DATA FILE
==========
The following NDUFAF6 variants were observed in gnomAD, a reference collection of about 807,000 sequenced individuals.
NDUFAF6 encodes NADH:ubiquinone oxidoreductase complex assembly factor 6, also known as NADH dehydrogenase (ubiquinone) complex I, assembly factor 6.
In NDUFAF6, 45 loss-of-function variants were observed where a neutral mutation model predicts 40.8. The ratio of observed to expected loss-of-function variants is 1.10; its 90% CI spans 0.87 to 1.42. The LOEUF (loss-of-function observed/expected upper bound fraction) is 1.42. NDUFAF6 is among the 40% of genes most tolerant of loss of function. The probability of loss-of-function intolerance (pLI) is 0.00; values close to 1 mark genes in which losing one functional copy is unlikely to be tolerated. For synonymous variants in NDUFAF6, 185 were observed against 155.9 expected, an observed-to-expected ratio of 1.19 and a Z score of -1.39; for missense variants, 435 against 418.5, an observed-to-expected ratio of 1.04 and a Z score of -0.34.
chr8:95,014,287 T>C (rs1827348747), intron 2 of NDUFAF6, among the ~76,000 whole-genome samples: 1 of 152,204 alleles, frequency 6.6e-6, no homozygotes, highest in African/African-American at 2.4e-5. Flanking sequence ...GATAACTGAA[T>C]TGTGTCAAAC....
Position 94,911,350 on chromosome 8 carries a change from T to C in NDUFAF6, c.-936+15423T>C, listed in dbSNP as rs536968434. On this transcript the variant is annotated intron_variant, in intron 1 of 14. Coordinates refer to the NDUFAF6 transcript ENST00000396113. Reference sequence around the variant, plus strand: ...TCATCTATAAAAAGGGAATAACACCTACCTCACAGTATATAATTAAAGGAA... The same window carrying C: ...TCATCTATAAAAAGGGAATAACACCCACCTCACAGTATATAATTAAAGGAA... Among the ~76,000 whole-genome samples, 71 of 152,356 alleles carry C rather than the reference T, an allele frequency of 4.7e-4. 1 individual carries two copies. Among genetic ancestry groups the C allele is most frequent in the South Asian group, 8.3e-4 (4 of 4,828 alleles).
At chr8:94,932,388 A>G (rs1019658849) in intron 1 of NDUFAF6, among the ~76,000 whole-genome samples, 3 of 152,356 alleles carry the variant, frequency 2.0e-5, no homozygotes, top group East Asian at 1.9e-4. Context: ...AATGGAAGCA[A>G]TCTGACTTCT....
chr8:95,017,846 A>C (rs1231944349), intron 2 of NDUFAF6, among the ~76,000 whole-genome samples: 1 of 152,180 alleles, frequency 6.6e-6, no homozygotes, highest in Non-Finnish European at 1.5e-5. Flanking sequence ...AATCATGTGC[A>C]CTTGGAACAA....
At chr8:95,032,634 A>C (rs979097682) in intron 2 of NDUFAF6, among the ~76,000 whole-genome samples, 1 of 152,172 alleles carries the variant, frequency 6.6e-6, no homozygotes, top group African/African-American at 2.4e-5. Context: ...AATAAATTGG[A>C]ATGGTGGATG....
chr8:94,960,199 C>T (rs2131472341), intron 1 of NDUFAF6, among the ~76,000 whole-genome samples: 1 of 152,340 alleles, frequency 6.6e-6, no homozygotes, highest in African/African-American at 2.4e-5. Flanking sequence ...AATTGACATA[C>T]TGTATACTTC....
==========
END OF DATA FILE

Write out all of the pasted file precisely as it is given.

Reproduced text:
The following NDUFAF6 variants were observed in gnomAD, a reference collection of about 807,000 sequenced individuals.
NDUFAF6 encodes NADH:ubiquinone oxidoreductase complex assembly factor 6, also known as NADH dehydrogenase (ubiquinone) complex I, assembly factor 6.
In NDUFAF6, 45 loss-of-function variants were observed where a neutral mutation model predicts 40.8. The ratio of observed to expected loss-of-function variants is 1.10; its 90% CI spans 0.87 to 1.42. The LOEUF (loss-of-function observed/expected upper bound fraction) is 1.42. NDUFAF6 is among the 40% of genes most tolerant of loss of function. The probability of loss-of-function intolerance (pLI) is 0.00; values close to 1 mark genes in which losing one functional copy is unlikely to be tolerated. For synonymous variants in NDUFAF6, 185 were observed against 155.9 expected, an observed-to-expected ratio of 1.19 and a Z score of -1.39; for missense variants, 435 against 418.5, an observed-to-expected ratio of 1.04 and a Z score of -0.34.
chr8:95,014,287 T>C (rs1827348747), intron 2 of NDUFAF6, among the ~76,000 whole-genome samples: 1 of 152,204 alleles, frequency 6.6e-6, no homozygotes, highest in African/African-American at 2.4e-5. Flanking sequence ...GATAACTGAA[T>C]TGTGTCAAAC....
Position 94,911,350 on chromosome 8 carries a change from T to C in NDUFAF6, c.-936+15423T>C, listed in dbSNP as rs536968434. On this transcript the variant is annotated intron_variant, in intron 1 of 14. Coordinates refer to the NDUFAF6 transcript ENST00000396113. Reference sequence around the variant, plus strand: ...TCATCTATAAAAAGGGAATAACACCTACCTCACAGTATATAATTAAAGGAA... The same window carrying C: ...TCATCTATAAAAAGGGAATAACACCCACCTCACAGTATATAATTAAAGGAA... Among the ~76,000 whole-genome samples, 71 of 152,356 alleles carry C rather than the reference T, an allele frequency of 4.7e-4. 1 individual carries two copies. Among genetic ancestry groups the C allele is most frequent in the South Asian group, 8.3e-4 (4 of 4,828 alleles).
At chr8:94,932,388 A>G (rs1019658849) in intron 1 of NDUFAF6, among the ~76,000 whole-genome samples, 3 of 152,356 alleles carry the variant, frequency 2.0e-5, no homozygotes, top group East Asian at 1.9e-4. Context: ...AATGGAAGCA[A>G]TCTGACTTCT....
chr8:95,017,846 A>C (rs1231944349), intron 2 of NDUFAF6, among the ~76,000 whole-genome samples: 1 of 152,180 alleles, frequency 6.6e-6, no homozygotes, highest in Non-Finnish European at 1.5e-5. Flanking sequence ...AATCATGTGC[A>C]CTTGGAACAA....
At chr8:95,032,634 A>C (rs979097682) in intron 2 of NDUFAF6, among the ~76,000 whole-genome samples, 1 of 152,172 alleles carries the variant, frequency 6.6e-6, no homozygotes, top group African/African-American at 2.4e-5. Context: ...AATAAATTGG[A>C]ATGGTGGATG....
chr8:94,960,199 C>T (rs2131472341), intron 1 of NDUFAF6, among the ~76,000 whole-genome samples: 1 of 152,340 alleles, frequency 6.6e-6, no homozygotes, highest in African/African-American at 2.4e-5. Flanking sequence ...AATTGACATA[C>T]TGTATACTTC....